Serendipity Market by Penny Blubaugh
published March 2009, HarperTeen
288 pages (hardcover), YA
When Toby breathes on Mama Inez's bird-shaped invitations, giving them the power to fly, plans for the Serendipity Market begin. Soon, eleven honored guests travel from afar and make their way to the storytellers' tent to share their stories. Each tale proves what Mama Inez knows—that magic is everywhere. Sometimes it shows itself subtly—a ray of sun glinting on a gold coin, or a girl picking a rose without getting pricked by the thorn—and sometimes it makes itself known with trumpets and fireworks. But when real magic is combined with the magic of storytelling, it can change the world.
Once Was Lost by Sara Zarr
published October 2009 by Little, Brown
224 pages (hardcover), YA
Samara Taylor used to believe in miracles. She used to believe in a lot of things. As a pastor's kid, it's hard not to buy in to the idea of the perfect family, a loving God, and amazing grace. But lately, Sam has a lot of reason to doubt. Her mother lands in rehab after a DUI and her father seems more interested in his congregation than his family. When a young girl in her small town is kidnapped, the local tragedy overlaps with Sam's personal one, and the already-worn thread of faith holding her together begins to unravel.Crossing Stones by Helen Frost
published September 2009 by Farrar, Straus, and Giroux
192 pages (hardcover), YA
Eighteen-year-old Muriel Jorgensen lives on one side of Crabapple Creek. Her family’s closest friends, the Normans, live on the other. For as long as Muriel can remember, the families’ lives have been intertwined, connected by the crossing stones that span the water. But now that Frank Norman—who Muriel is just beginning to think might be more than a friend—has enlisted to fight in World War I and her brother, Ollie, has lied about his age to join him, the future is uncertain. As Muriel tends to things at home with the help of Frank’s sister, Emma, she becomes more and more fascinated by the women’s suffrage movement, but she is surrounded by people who advise her to keep her opinions to herself. How can she find a way to care for those she loves while still remaining true to who she is?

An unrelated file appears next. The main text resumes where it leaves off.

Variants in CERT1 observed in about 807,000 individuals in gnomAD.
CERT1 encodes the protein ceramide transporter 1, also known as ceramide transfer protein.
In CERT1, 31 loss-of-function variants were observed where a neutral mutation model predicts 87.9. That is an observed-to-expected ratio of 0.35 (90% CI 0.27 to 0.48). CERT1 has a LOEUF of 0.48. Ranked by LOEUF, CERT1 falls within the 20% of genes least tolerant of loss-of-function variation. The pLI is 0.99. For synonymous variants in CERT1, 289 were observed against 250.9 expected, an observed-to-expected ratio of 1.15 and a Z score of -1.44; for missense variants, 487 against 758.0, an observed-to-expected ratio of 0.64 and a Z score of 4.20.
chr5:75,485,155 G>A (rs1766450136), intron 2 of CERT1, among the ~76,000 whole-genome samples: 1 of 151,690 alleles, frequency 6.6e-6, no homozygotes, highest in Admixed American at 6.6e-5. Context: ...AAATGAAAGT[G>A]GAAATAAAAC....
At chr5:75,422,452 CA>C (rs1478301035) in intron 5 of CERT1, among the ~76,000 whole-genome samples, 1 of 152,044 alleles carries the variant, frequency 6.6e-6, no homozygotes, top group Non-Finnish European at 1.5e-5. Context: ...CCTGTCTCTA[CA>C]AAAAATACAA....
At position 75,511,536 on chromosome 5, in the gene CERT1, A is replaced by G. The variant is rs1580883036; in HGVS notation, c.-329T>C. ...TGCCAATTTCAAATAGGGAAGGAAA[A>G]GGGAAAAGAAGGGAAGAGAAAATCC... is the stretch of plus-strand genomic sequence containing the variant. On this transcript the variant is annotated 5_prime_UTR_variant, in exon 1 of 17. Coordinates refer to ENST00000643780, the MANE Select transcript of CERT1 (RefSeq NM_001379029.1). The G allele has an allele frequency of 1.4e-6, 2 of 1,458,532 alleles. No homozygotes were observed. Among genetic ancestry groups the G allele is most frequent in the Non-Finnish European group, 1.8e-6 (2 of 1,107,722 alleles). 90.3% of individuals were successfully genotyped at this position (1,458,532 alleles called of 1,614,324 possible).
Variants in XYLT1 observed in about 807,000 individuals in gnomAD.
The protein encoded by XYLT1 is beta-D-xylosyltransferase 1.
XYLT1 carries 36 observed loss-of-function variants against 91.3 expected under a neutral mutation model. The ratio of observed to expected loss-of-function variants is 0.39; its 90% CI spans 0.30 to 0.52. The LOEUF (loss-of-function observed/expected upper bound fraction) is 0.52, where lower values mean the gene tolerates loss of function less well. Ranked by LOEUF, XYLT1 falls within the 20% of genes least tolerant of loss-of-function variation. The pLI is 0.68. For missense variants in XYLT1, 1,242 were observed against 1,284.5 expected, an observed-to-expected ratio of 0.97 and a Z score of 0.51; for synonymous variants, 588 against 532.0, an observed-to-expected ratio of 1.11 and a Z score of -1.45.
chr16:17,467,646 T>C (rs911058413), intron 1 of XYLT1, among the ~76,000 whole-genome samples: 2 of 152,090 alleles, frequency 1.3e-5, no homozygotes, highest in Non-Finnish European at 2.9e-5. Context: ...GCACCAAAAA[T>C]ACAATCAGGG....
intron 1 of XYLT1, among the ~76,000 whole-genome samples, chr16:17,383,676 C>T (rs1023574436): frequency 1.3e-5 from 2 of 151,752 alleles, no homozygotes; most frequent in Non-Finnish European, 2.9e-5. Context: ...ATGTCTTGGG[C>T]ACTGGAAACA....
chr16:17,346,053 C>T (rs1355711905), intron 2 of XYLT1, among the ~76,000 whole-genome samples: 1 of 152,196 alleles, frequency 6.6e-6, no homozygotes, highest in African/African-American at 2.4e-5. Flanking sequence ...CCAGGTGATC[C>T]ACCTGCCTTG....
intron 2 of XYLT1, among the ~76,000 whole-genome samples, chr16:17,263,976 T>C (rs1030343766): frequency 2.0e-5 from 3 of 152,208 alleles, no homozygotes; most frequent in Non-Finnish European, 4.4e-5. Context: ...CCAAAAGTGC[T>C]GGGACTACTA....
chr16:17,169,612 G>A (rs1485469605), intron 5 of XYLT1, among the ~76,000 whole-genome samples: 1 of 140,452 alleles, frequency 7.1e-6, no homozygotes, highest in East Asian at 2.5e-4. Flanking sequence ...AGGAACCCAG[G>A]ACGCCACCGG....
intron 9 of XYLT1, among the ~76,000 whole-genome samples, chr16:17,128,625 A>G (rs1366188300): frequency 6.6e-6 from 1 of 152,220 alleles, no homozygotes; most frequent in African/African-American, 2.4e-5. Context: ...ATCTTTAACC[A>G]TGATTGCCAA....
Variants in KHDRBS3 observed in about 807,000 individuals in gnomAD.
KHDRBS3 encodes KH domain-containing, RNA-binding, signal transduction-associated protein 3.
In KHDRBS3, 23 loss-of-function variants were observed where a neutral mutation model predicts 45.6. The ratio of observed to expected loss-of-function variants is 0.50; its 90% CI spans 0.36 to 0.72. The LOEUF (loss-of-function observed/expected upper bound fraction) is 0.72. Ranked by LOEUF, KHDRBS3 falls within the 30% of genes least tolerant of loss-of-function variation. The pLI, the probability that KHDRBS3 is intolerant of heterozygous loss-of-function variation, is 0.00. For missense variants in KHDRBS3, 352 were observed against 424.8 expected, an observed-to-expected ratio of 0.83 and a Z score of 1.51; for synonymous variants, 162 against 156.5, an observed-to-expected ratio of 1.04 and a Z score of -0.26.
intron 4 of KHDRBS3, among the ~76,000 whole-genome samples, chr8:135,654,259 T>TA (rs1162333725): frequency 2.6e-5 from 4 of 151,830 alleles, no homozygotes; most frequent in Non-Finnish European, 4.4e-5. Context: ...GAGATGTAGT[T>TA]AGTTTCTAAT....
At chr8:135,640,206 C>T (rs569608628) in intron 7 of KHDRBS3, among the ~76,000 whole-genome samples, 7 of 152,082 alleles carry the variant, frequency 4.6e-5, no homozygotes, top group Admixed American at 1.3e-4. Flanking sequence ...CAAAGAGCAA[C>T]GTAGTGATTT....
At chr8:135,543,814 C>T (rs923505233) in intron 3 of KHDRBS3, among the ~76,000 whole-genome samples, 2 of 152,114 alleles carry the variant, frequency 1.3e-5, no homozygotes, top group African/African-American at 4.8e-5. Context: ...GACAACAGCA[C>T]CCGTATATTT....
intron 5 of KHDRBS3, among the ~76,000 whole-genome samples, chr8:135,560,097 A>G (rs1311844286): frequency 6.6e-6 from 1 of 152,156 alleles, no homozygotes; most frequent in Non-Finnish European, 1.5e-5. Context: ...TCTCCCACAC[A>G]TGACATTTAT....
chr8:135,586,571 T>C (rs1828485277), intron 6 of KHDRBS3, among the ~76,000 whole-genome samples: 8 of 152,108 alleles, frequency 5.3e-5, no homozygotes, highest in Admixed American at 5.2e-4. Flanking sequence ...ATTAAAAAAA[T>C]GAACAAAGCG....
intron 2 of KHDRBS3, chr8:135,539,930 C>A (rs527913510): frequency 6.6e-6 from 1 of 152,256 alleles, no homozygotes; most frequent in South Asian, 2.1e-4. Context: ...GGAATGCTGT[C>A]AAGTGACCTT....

Except for Once Was Lost, which has gotten quite a bit of media exposure, I hadn't heard anything at all about these books. Which makes me think about a recent blog post I read (and for the life of me, I can't remember where it was or who wrote it) about popular books receiving tons of media attention, especially when they get reviewed on blogs, which generates even more buzz and readership. But books from smaller presses don't get much hype at all and tend to get overlooked. It also made me think of So Yesterday by Scott Westerfeld, which deals with how trends are created - and now I'm being challenged to read The Tipping Point by Malcolm Gladwell, which apparently deals with similar topics. Although it all seems tangential, these are the thoughts that came to me while I was browsing through a "Best of" list - because wouldn't you think that if a book makes it to such a list that I would have heard about it before then? But if only Kirkus seems to think it's a "Best of" book, then no, probably not. It makes me wonder about how much influence bloggers really have about what gets promoted/read/sold - and that's a scary thought.